As part of Women’s History Month, we love to highlight the importance and the magnitude of success and impact that women have on society. The grit and the ambition that it takes to make it big in a “man’s world” is a feat for many, but these women have proven themselves to have gone above and beyond. We’re showcasing their story and how they’ve gotten to where they are. We’ve gathered mementos and personal anecdotes from some of the most successful real estate agents in the New York City area.
Here are a few of many exceptional women we’ve interviewed how they’ve overcome business challenges and biggest accomplishments. They are: Laura Rozos, Laurie Karpowich, Robin Kencel, Shelley Tretter Lynch, Kelly Robinson, Kim Krueger, Victoria Shtainer, Maria Ryan, Deb Bondy, Kristen Jock, Amanda Young, and Cindy Scholz.
Some careers are far more male-dominated than others. It is the way they have always been, it’s the way they are, but women in every sector are making sure they aren’t in the future. Architecture, engineering, law, technology, science, and finance are all overwhelmingly male-dominated. Fortunately, the gap is closing in both female and male dominated fields, creating a far more equal environment. And future.
Here are just a few of the responses these women held.
Q: What is the greatest challenge in your business you have had to overcome?
Jock: As a young woman in business, it could be difficult to get people to take you seriously, acknowledge your ideas and not dismiss your accomplishments; however, I have found it could be even more difficult to give yourself credit. I have heard similar rhetoric from prominent, intelligent, seemingly confident women across many industries, who have spoken of this feeling of being a fraud.
Shtainer: Overall, Real Estate is a very male-dominated industry, especially when you look at positions of power at the largest Developers, Brokerages, etc. There has been an inherent challenge to prove myself as a woman in this field - a woman that is respected for her knowledge of the industry and skill of the trade. We have all read stories and have heard from the industry where people often look to women in this industry for the wrong reasons.
Krueger: Being a woman of color in the business world is one factor for me that will never change- and I'm ok with that! There are often preconceived notions of what women of color are capable of achieving, and I am here to show with results, not just words, that they are wrong. My race and gender do not limit me, they empower me to be better, because I often have to be twice as good, just to be considered.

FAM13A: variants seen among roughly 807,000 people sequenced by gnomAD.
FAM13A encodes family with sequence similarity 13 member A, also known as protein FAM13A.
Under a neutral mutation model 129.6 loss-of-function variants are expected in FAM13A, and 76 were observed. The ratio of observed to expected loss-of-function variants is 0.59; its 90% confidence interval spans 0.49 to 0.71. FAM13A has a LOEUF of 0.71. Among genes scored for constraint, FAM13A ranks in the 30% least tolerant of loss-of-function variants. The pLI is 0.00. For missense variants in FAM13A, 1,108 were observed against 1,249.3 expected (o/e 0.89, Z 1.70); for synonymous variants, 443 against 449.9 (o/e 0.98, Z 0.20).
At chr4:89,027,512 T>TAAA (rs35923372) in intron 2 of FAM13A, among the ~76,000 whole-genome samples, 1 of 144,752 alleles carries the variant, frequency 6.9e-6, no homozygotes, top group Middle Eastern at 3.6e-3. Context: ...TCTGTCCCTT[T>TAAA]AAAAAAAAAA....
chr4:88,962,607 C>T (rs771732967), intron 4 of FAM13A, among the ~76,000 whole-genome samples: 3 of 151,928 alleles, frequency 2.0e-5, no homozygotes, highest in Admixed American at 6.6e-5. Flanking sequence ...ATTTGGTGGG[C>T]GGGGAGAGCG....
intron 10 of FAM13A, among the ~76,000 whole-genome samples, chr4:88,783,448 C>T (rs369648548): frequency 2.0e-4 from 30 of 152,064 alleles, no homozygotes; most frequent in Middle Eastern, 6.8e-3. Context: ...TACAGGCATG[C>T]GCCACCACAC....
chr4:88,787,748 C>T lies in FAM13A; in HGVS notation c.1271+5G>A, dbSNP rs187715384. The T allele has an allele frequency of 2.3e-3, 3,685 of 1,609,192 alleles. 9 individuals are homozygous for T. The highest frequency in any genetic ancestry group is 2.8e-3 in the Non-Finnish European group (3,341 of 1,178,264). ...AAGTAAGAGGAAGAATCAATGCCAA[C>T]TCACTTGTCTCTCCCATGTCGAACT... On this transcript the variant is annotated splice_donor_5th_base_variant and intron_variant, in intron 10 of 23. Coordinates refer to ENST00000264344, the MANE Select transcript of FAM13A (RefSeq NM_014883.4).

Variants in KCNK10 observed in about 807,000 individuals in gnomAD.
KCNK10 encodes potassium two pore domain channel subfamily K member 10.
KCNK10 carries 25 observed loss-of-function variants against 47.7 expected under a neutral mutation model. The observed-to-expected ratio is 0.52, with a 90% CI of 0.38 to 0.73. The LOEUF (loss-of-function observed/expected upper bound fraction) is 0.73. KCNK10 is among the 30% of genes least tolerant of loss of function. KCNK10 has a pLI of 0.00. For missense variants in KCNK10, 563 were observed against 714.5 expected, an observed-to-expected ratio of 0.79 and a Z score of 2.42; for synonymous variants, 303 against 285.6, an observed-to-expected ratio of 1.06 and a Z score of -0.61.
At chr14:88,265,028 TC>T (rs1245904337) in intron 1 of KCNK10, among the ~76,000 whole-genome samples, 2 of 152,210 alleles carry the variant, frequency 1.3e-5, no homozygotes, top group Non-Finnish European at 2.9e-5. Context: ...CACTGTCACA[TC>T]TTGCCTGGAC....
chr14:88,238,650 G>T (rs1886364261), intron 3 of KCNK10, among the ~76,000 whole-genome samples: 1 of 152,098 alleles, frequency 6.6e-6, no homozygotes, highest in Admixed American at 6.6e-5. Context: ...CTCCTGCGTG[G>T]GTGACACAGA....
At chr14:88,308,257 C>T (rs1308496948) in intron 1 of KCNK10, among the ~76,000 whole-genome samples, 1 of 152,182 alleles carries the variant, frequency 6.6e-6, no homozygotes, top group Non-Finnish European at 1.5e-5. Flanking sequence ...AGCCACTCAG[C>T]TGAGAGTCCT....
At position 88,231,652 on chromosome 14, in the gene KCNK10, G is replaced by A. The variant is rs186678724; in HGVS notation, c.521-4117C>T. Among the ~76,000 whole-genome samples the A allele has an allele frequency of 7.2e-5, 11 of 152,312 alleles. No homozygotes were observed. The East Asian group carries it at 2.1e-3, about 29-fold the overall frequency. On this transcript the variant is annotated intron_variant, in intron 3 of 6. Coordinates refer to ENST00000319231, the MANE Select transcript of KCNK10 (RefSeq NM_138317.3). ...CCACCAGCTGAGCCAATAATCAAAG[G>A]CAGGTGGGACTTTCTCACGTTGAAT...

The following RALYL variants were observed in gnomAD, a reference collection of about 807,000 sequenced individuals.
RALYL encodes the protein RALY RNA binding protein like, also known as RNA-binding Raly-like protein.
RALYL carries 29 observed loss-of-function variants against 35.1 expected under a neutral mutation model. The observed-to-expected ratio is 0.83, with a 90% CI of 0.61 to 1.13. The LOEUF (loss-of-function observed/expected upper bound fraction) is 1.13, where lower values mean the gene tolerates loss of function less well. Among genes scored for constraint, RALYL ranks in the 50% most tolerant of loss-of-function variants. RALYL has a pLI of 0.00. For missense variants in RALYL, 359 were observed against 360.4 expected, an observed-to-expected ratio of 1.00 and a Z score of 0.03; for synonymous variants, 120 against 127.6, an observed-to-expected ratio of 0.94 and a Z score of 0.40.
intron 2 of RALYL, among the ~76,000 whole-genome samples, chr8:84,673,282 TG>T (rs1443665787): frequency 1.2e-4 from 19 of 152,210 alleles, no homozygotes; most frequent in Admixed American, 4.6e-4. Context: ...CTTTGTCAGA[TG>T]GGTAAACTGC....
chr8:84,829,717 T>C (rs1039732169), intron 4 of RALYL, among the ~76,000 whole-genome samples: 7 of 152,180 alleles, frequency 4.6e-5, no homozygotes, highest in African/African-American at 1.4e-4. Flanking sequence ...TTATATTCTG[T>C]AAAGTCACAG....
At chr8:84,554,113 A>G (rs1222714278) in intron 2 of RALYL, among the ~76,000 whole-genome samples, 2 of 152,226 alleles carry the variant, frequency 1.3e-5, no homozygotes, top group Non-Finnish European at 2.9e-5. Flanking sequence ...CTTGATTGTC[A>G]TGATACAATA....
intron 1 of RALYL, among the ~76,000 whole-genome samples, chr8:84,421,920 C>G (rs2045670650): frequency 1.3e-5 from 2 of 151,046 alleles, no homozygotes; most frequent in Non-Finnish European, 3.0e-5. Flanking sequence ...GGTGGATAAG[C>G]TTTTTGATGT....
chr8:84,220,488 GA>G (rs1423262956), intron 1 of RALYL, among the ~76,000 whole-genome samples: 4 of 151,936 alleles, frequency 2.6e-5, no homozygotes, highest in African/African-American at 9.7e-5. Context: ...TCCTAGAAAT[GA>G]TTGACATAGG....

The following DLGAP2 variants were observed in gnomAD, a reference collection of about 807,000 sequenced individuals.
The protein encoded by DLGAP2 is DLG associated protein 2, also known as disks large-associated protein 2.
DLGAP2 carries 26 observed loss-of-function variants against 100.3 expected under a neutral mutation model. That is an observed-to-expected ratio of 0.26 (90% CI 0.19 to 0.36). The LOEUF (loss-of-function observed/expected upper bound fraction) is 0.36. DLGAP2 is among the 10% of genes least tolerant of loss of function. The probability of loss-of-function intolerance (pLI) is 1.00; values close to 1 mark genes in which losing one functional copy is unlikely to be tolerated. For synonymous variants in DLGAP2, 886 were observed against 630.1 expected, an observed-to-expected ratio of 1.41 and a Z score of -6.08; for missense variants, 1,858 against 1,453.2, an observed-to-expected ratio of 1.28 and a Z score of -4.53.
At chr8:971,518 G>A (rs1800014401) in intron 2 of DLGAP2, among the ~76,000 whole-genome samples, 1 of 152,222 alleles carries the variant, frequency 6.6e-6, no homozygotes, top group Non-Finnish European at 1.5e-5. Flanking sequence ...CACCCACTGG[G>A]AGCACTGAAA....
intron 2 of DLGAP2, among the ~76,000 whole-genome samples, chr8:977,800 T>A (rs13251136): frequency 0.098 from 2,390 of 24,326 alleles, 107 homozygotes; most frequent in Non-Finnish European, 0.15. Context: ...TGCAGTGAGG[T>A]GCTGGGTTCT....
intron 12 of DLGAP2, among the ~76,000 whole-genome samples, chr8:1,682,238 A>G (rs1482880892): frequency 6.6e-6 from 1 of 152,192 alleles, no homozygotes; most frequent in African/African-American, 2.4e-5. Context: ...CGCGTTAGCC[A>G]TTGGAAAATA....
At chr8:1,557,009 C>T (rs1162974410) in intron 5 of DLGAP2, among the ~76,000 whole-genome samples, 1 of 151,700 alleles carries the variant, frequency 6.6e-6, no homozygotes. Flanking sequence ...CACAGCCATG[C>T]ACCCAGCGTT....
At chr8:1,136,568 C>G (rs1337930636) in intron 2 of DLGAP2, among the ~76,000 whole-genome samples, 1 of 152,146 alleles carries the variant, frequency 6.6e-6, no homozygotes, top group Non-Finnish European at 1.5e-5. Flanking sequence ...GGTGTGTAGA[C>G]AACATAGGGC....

Apart from their challenges, women dominating in their careers are often negatively stereotyped as cold, too ambitious, work-obsessed, and not family-oriented enough – that’s all part of another tactic to wear away the path women have created for themselves. Work-life balance is always a concern when it comes to women with careers, and although no one should have to defend why they do or don’t work, these women are here to prove that it’s not an impediment to be a woman while being successful in the workforce. There’s no need to give up one aspect of your life to keep another.
Q: Outside of your success in the real estate industry, what are some fun facts about yourself?
Young: I was seriously into ice skating when I was a kid—so much so that my coach wanted to me to train for international competition—my dad used to make an ice-skating rink with garbage bags and hose in our 94th Street backyard.
Scholz: I am extremely passionate about improving financial literacy, particularly for women. When I am not selling homes, you can find me chatting with the top wealth advisors to get a pulse on the market. Also, I enjoy traveling the world attending conferences that bring a unique perspective on global finance. I always understand how my clients NYC assets are performing against other assets.
Kencel: I have had seven careers since business school: marketing management, strategic planning, author, interior designer, owner’s representative for luxury home construction and historic renovation, real estate broker. My most cherished titles, however, are wife and mother.
Q: Career Highlight
Krueger: After I obtained my real estate license, I spent a few years at a corporate and real estate law firm before I decided to enter real estate again full time. Being in the corporate world was disappointing to me because I missed connecting with clients in a purposeful way. Becoming a salesperson again full time was a definite career highlight for me because I was able to reclaim my ability to make personal connections and be a part of my clients lives in a helpful, credible and meaningful way.
Kencel: Building a reputation that I am proud of.
Powerful women aren’t just the ones that make history. They’re taking care of you when you’re sick, they sell you your home, save your life, give you your life, give you and education, and so much more. They are everywhere and they always have been. They are strong, powerful, and leave a mark on everyone they come into contact with. Let us never forget how important women are to people everywhere. In the past, present, and the future.